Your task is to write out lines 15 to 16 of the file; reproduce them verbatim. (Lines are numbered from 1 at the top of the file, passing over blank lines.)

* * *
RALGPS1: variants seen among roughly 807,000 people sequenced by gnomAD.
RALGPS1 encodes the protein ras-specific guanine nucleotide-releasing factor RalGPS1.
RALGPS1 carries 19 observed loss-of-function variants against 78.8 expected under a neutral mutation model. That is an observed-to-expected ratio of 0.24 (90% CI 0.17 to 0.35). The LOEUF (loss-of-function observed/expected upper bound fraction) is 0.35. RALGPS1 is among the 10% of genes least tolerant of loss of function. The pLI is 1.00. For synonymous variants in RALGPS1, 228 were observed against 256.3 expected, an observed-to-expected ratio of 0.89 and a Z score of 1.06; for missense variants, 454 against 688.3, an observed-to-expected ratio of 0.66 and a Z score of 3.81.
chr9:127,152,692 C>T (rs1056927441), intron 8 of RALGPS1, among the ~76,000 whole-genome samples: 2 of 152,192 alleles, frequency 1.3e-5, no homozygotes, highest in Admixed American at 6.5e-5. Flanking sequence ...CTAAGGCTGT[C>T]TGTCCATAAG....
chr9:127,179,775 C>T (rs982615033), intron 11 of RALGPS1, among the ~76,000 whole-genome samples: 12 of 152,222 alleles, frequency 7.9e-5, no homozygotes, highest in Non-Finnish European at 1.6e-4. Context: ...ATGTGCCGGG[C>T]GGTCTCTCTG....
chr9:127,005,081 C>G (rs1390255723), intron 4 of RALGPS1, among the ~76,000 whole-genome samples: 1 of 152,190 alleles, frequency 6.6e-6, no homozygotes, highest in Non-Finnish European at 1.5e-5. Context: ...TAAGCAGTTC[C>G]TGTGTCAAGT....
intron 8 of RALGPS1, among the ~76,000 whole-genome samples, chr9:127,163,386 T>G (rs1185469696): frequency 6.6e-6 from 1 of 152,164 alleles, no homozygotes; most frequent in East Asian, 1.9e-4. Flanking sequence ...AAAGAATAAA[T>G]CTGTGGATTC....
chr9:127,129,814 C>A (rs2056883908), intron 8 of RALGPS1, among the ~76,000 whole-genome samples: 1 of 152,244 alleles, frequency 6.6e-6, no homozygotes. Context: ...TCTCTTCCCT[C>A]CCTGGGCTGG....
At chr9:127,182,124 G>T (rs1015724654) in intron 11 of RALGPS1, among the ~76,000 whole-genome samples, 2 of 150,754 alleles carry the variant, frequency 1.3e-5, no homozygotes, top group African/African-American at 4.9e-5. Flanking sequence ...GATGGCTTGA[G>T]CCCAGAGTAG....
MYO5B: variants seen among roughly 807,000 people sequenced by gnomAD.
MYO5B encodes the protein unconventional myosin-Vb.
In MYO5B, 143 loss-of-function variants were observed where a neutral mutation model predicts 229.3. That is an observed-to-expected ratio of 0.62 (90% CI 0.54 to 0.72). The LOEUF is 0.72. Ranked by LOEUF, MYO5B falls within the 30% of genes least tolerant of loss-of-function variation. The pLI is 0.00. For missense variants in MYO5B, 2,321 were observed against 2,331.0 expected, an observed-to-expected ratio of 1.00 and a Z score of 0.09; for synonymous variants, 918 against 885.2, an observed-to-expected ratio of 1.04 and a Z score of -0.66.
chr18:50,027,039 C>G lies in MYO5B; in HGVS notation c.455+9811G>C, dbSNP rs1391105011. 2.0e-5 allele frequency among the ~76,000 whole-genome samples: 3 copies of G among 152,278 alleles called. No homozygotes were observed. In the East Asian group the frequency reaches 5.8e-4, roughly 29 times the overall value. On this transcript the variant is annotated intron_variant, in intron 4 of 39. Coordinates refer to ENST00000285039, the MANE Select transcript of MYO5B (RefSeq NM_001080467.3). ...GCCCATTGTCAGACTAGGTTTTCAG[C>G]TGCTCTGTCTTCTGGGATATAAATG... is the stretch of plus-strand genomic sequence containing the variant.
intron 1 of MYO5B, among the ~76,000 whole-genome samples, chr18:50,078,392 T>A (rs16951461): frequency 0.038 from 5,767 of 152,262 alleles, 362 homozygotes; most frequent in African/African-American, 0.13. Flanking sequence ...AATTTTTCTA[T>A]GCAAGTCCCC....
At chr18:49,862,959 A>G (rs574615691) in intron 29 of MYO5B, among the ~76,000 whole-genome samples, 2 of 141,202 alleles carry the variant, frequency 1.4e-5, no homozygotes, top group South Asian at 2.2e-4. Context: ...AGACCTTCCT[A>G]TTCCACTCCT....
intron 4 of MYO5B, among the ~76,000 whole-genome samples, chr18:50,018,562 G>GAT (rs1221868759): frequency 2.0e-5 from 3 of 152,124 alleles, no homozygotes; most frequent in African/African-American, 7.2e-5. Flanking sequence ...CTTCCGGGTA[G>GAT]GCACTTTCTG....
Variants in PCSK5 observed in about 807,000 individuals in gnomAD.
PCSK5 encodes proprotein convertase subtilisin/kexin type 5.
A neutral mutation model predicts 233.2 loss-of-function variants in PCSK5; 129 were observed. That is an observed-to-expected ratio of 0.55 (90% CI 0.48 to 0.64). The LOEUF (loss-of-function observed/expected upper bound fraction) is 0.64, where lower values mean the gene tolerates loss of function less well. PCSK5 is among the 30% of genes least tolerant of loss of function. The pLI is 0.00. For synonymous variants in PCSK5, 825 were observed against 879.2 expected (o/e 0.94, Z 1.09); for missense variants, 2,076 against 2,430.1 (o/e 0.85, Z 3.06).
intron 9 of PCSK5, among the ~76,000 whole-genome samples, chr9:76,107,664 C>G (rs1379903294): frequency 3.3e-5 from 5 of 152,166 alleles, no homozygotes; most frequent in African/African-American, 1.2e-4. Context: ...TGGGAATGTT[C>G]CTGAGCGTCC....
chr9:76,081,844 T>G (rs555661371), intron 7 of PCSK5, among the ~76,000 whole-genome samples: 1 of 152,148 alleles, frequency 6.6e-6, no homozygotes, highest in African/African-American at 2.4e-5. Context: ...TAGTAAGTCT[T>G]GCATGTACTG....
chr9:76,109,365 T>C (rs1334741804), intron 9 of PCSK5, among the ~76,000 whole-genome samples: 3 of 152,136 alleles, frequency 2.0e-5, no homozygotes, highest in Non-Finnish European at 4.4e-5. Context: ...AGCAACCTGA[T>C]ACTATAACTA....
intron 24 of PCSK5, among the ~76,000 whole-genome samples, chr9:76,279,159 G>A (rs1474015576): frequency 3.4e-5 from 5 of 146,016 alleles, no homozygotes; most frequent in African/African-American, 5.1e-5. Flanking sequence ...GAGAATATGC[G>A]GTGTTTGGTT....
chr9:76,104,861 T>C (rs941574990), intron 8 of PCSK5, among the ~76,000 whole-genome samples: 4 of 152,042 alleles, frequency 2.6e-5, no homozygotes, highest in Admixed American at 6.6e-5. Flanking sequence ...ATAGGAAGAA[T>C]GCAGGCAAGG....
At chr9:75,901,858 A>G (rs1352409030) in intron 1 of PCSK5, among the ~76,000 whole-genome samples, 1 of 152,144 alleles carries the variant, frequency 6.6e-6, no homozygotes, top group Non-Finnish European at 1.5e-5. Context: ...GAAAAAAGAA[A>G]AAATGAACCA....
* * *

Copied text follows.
At chr18:49,862,959 A>G (rs574615691) in intron 29 of MYO5B, among the ~76,000 whole-genome samples, 2 of 141,202 alleles carry the variant, frequency 1.4e-5, no homozygotes, top group South Asian at 2.2e-4. Context: ...AGACCTTCCT[A>G]TTCCACTCCT....
intron 4 of MYO5B, among the ~76,000 whole-genome samples, chr18:50,018,562 G>GAT (rs1221868759): frequency 2.0e-5 from 3 of 152,124 alleles, no homozygotes; most frequent in African/African-American, 7.2e-5. Flanking sequence ...CTTCCGGGTA[G>GAT]GCACTTTCTG....